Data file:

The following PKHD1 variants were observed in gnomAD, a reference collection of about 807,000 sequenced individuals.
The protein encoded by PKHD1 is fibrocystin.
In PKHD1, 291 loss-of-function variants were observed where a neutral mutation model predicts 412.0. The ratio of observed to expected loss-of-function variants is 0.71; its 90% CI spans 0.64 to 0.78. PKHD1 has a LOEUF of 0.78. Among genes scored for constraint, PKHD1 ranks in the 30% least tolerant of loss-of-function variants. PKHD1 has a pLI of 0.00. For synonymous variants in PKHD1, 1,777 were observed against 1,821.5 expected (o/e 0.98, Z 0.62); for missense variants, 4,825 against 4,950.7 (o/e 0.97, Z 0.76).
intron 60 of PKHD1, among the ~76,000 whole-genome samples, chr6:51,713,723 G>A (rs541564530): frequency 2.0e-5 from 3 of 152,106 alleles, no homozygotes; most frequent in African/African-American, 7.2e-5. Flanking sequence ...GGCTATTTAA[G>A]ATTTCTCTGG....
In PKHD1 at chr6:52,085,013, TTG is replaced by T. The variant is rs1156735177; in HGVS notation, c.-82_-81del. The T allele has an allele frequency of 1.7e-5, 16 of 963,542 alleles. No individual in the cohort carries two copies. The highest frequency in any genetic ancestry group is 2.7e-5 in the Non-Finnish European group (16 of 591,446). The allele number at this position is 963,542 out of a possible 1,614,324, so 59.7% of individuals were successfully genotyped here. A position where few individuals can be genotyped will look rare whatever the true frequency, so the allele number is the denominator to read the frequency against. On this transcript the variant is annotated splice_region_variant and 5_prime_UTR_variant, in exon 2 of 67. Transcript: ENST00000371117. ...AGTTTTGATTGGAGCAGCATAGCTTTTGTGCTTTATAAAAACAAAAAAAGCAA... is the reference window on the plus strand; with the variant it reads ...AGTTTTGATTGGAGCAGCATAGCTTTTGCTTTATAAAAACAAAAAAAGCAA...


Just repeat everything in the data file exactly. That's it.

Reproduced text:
The following PKHD1 variants were observed in gnomAD, a reference collection of about 807,000 sequenced individuals.
The protein encoded by PKHD1 is fibrocystin.
In PKHD1, 291 loss-of-function variants were observed where a neutral mutation model predicts 412.0. The ratio of observed to expected loss-of-function variants is 0.71; its 90% CI spans 0.64 to 0.78. PKHD1 has a LOEUF of 0.78. Among genes scored for constraint, PKHD1 ranks in the 30% least tolerant of loss-of-function variants. PKHD1 has a pLI of 0.00. For synonymous variants in PKHD1, 1,777 were observed against 1,821.5 expected (o/e 0.98, Z 0.62); for missense variants, 4,825 against 4,950.7 (o/e 0.97, Z 0.76).
intron 60 of PKHD1, among the ~76,000 whole-genome samples, chr6:51,713,723 G>A (rs541564530): frequency 2.0e-5 from 3 of 152,106 alleles, no homozygotes; most frequent in African/African-American, 7.2e-5. Flanking sequence ...GGCTATTTAA[G>A]ATTTCTCTGG....
In PKHD1 at chr6:52,085,013, TTG is replaced by T. The variant is rs1156735177; in HGVS notation, c.-82_-81del. The T allele has an allele frequency of 1.7e-5, 16 of 963,542 alleles. No individual in the cohort carries two copies. The highest frequency in any genetic ancestry group is 2.7e-5 in the Non-Finnish European group (16 of 591,446). The allele number at this position is 963,542 out of a possible 1,614,324, so 59.7% of individuals were successfully genotyped here. A position where few individuals can be genotyped will look rare whatever the true frequency, so the allele number is the denominator to read the frequency against. On this transcript the variant is annotated splice_region_variant and 5_prime_UTR_variant, in exon 2 of 67. Transcript: ENST00000371117. ...AGTTTTGATTGGAGCAGCATAGCTTTTGTGCTTTATAAAAACAAAAAAAGCAA... is the reference window on the plus strand; with the variant it reads ...AGTTTTGATTGGAGCAGCATAGCTTTTGCTTTATAAAAACAAAAAAAGCAA...